Ward claims he found all 21 of Starlites ingredients in his kitchen so it should be safe to assume that we could also make this substance at home as well. Although this Starlite recipe is not official, it still makes a material which has similar properties to Starlite, such as extreme insulative abilities and a low thermal conductivity. Most of these at home experiments using Starlite are exploring the transfer of energy with temperature being a common method of measurement. The following experiments do require an open flame, so it is recommended that these be done with adult supervision and are designed for grades 7 students or older. Before beginning any of the following experiments it is important to ensure that you have safety goggles and a protective lab coat on as well as a clear area to use as a fire safe zone. The at home version of Starlite requires the following 3 ingredients:

  1. 10 teaspoons of cornstarch
  2. 1 teaspoon of baking soda
  3. 4 teaspoons of Elmer’s PVA glue

Mix these 3 ingredients together with a spoon and then start working it with your hands until you get a nice putty like consistency (a couple minutes of kneading). Troubleshooting: work with your hands for about 5 minutes, if it is still too sticky, add a light powdering of cornstarch. If it is too dry and cracking, add ½ teaspoon more of glue. The 3 experiments listed below are great examples to demonstrate the effective thermal properties of Starlite at home.

Figure 2: Example of the Finger Test using made at home Starlite

  1. The Finger Test: Light a small candle and hold your finger coated in Starlite over the flame. Your finger should initially be about 3 inches above the flame before you slowly start to bring it closer. You should notice that the material starts to get more foam like in appearance. Do you feel any heat from the candle? Is it more, or less heat than you would feel if you put an uncoated finger near the flame? It is best to make a fresh batch of Starlite if you are planning on repeating this experiment with multiple finger tests.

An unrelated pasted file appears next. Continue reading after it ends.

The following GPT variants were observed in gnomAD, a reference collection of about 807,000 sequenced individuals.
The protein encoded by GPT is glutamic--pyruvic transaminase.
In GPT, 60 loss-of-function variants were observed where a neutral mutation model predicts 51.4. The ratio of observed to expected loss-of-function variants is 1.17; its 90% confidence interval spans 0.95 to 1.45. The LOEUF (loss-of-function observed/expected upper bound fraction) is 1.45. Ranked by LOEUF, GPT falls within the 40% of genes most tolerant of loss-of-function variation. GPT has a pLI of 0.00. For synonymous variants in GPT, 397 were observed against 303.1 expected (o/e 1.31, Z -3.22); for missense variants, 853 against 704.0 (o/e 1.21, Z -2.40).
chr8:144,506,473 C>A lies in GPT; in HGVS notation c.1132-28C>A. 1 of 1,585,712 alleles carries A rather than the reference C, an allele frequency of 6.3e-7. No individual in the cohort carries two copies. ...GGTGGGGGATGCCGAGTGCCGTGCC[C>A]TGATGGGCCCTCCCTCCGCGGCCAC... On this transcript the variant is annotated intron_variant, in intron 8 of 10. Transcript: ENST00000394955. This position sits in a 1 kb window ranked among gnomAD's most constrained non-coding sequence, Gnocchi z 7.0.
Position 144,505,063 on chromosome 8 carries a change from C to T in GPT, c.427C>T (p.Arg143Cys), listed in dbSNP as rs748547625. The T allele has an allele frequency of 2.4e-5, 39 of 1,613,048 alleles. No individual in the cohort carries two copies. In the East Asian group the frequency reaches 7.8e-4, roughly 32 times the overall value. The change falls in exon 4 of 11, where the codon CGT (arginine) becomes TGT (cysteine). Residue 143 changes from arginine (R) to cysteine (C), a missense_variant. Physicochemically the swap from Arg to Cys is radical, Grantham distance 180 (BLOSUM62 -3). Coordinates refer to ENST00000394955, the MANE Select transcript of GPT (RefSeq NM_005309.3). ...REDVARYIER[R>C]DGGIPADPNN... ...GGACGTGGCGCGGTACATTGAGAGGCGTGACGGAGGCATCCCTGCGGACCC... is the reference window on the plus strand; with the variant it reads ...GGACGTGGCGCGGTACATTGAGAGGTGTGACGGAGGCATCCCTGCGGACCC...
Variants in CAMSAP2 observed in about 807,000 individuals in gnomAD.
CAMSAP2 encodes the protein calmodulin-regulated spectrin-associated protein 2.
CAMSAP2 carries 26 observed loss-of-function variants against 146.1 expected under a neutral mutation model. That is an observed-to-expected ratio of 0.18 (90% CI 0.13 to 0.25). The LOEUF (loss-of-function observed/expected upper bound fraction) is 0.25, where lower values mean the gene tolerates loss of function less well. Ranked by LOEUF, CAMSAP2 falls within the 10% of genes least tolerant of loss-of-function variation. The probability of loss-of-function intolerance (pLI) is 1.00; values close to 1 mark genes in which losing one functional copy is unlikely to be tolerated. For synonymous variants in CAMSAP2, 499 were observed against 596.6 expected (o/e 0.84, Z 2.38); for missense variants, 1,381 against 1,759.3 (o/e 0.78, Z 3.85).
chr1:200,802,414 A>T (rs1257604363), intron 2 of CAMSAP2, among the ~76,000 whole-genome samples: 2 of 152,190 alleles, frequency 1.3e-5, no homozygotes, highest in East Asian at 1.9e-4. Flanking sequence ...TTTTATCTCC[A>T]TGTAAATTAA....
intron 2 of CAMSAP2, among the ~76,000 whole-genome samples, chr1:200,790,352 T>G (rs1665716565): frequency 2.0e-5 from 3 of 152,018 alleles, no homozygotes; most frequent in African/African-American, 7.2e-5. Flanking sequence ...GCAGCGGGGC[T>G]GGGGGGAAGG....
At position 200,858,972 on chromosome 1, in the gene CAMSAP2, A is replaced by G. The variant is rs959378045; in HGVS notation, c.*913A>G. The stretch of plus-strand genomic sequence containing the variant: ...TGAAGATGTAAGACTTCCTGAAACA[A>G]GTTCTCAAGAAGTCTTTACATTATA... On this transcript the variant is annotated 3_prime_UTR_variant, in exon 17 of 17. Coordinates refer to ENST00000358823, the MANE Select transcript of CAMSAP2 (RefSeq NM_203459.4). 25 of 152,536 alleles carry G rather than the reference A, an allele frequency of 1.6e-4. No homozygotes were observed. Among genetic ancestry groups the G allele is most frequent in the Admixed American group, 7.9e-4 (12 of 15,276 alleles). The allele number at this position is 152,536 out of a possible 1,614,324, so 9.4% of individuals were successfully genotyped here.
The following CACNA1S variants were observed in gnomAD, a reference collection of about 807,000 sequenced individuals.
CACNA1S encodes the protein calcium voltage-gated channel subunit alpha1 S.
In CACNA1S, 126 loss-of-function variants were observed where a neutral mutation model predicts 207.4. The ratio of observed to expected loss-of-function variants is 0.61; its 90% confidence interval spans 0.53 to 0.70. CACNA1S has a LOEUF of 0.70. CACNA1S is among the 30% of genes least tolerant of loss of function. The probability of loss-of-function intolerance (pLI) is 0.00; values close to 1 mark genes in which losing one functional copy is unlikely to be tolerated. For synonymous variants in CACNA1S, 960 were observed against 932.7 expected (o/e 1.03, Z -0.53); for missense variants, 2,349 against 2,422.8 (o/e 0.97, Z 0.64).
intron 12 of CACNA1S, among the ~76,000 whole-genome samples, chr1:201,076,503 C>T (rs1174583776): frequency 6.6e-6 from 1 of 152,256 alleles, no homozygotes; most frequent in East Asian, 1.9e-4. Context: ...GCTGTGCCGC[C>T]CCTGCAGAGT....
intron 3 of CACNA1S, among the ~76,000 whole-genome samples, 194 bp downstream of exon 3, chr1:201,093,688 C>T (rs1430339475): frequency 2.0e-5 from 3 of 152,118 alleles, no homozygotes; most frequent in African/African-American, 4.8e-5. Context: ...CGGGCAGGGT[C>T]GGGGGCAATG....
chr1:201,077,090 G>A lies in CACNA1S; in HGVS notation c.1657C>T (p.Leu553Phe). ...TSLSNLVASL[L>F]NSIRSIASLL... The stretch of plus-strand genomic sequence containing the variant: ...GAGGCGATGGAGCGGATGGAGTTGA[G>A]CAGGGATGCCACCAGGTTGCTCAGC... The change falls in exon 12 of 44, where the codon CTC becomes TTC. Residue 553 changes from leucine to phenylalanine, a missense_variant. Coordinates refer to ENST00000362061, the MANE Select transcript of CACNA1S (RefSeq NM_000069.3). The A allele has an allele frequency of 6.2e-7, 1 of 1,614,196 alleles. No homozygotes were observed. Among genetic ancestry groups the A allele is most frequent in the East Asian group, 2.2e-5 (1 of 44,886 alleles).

1. Starlite temperature insulating mold: Make a flat disc of the Starlite and let it rest for about 10 minutes to harden. Bend and shape a clothing hanging or any type of thin wire to make a stand for the Starlite disc to rest on. Light a small candle and place it underneath the stand. Hold your hand over the Starlite, do you feel any of the heat from the candle? What if you removed the Starlite, can you still hold your hand in the same place or is it too hot without the protection of the insulating Starlite? Try using a digital thermometer to take measurements of the temperature above and below the Starlite protection disc, what do you notice?
  1. Egg Over Starlite: make a small hole in the top of 2 eggs using a drill, knife or something with a fine, sharp edge. Coat one egg with Starlite and leave one egg without any covering. Place them over the candle flame for about 3 minutes each, the plain one without Starlite should start bubbling over while the one with protection should remain stable. Crack each egg in a bowl to inspect the difference of the inside comparing the protected material with the non-protected.

Starlite is an amazing insulative material that has dazzled the minds of some of the world’s most prominent scientists for over three decades. It appears to be a relatively simple material with some extraordinary abilities. The material can withstand an incredible amount of heat while demonstrating excellent thermal resistive capabilities. Although the original recipe of Starlite is still unknown, many scientists have been developing materials that are displaying similar properties to the samples that were created by Ward himself.  The application possibilities for Starlite are endless and it should be making an appearance on a global scale in the near future.

Author: Kallista Wilson | Junior Technical Writer | Thermtest

References

Fisher, R. 2012. Material man. New Scientist, 214(2864): 40–40. How does the ‘wonder material’ Starlite actually work? (n.d.). Retrieved from https://www.bbc.com/reel/playlist/searching-for-starlite?vpid=p06llpln

Shelley. (2020, March 28). Heat Transfer Projects for Kids – STEM Activities. Retrieved from https://www.steampoweredfamily.com/activities/heat-transfer-projects-for-kids-stem-activities/

Feature Image: https://www.bbc.co.uk/programmes/p06ms47t/